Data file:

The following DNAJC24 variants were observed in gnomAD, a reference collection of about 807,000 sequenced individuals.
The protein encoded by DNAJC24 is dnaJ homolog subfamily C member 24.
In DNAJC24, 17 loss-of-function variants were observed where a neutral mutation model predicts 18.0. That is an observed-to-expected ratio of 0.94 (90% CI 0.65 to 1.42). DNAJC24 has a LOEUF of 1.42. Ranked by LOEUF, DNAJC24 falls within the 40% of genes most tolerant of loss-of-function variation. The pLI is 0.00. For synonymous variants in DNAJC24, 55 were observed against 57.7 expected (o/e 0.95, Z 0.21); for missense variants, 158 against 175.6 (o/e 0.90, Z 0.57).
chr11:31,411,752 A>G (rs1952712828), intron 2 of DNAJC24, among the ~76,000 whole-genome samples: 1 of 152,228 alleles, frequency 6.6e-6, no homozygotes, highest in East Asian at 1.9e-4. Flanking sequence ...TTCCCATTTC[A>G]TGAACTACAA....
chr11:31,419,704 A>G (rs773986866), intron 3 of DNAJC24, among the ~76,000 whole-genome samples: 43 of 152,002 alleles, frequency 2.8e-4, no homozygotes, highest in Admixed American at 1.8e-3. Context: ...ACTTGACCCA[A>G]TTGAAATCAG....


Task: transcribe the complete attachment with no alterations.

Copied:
The following DNAJC24 variants were observed in gnomAD, a reference collection of about 807,000 sequenced individuals.
The protein encoded by DNAJC24 is dnaJ homolog subfamily C member 24.
In DNAJC24, 17 loss-of-function variants were observed where a neutral mutation model predicts 18.0. That is an observed-to-expected ratio of 0.94 (90% CI 0.65 to 1.42). DNAJC24 has a LOEUF of 1.42. Ranked by LOEUF, DNAJC24 falls within the 40% of genes most tolerant of loss-of-function variation. The pLI is 0.00. For synonymous variants in DNAJC24, 55 were observed against 57.7 expected (o/e 0.95, Z 0.21); for missense variants, 158 against 175.6 (o/e 0.90, Z 0.57).
chr11:31,411,752 A>G (rs1952712828), intron 2 of DNAJC24, among the ~76,000 whole-genome samples: 1 of 152,228 alleles, frequency 6.6e-6, no homozygotes, highest in East Asian at 1.9e-4. Flanking sequence ...TTCCCATTTC[A>G]TGAACTACAA....
chr11:31,419,704 A>G (rs773986866), intron 3 of DNAJC24, among the ~76,000 whole-genome samples: 43 of 152,002 alleles, frequency 2.8e-4, no homozygotes, highest in Admixed American at 1.8e-3. Context: ...ACTTGACCCA[A>G]TTGAAATCAG....